From a practical point of view, lower myopia cases are easier to manage than higher myopia. OK can slow progression in high myopes, however it can be less predictable in terms of vision correction outcomes, and take longer to stabilise. In cases of advanced myopia with challenging corneas or borderline corneal curvatures, a full correction may not always be possible, meaning some residual myopia will need to be corrected with glasses. Leaving myopia to progress reduces options for intervention.


Peripheral-defocus optical interventions for myopia control, which include OK, multifocal contact lenses and peripheraldefocus spectacle lenses, create a clear central vision zone surrounded by an area of defocus in the periphery – in effect blurring the edges of vision slightly. This, of course, differs from the quality of vision achieved with regular singlevision correction.

When prescribing OK, advise your patients to expect some peripheral blur and aberrations (which will increase with the level of myopia correction), halos around lights at night, and reduced contrast in low-light conditions when pupils enlarge. This is generally more noticeable at the beginning of OK treatment, and gradually subsides over time as the treatment zone increases in size.

Also, advise on the expected time frame to achieve clear vision when starting on OK, based on your experience and the complexity of their case. As every cornea is different, one should avoid making promises that may not be fulfilled. While most patients achieve very good vision with OK, the aim should be clear functional vision maintained throughout the day, rather than the promise of 20/20, or 6/6 vision.

When prescribing multifocal contact lenses, caution that ghosting and variable vision may be experienced. Younger children adapt easily to these changes and generally don’t complain. Teenagers and young adults can be more sensitive. When explained properly, patients and parents understand these vision changes are an expected feature of the treatment to slow myopia progression.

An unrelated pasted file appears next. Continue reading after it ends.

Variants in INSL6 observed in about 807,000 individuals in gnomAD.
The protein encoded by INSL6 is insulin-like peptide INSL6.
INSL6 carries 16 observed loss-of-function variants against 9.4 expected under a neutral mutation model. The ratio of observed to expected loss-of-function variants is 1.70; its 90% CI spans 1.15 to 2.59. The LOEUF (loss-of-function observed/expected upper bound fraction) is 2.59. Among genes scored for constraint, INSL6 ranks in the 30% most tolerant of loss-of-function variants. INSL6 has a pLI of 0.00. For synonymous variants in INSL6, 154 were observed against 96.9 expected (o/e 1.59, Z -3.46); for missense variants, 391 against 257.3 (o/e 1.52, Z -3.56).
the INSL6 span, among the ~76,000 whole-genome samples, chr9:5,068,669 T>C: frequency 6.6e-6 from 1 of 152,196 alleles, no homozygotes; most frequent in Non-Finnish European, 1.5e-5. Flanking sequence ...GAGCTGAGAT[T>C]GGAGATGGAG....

The potential side effects of atropine treatment are well known to practitioners but should be explained to parents to avoid any distress. Treatment efficacy of atropine is dose-dependent, and so are the common side effects of pupil dilation, glare, and reduced accommodation. Explain what is likely to happen when the child starts on atropine treatment, particularly if starting on higher doses, and offer guidance on how to help reduce the symptoms – wearing a hat outdoors, sunglasses, and potentially needing progressive lenses to help with near focusing.


Myopia management is a long-term commitment – it is recommended that children with myopia continue on treatment until their myopia is likely to have reached stability, in their late teens or even into their early 20s. This makes it so important to start the relationship on the right foot, and often you’ll find at the first visit, the patient’s parents are looking to see if you’re the right practitioner for them.

Good communication is essential. You need to demonstrate your experience, expertise, and that you have the clinical technologies to look after their child properly. But you also need to listen, be empathetic to their concerns, use language parents can understand, and give them the confidence to trust you to help their child.


Initiating myopia treatment is only the first part of the process. Regular and accurate assessment of treatment effectiveness is paramount for the child’s ongoing management.

Myopic change is most commonly measured in terms of refractive error, as changes in prescription over time. Another option is to measure and monitor axial length. This provides valuable insight on the child’s eye growth and is a more sensitive and objective metric than assessing refraction alone. In my clinic I use the Zeiss IOLMaster 500 on all myopic patients to obtain baseline axial length at first presentation, then at subsequent visits to evaluate change.

Using axial length to monitor myopia progression is useful across the full range of treatment modalities, including OK and atropine therapy. Plotting this data on a graph enables a clinical profile to be built for each child, and provides parents with clarity on how the child’s treatment is working to slow their eye growth. It also helps to identify, explain and swiftly implement a change in treatment strategy when required.

A 50% reduction in the rate of progression would be considered a good outcome, and of course, the less progression the better. Practitioners should be transparent and upfront about treatment outcomes – parents who have invested time, money and emotional energy on this journey want to see real results.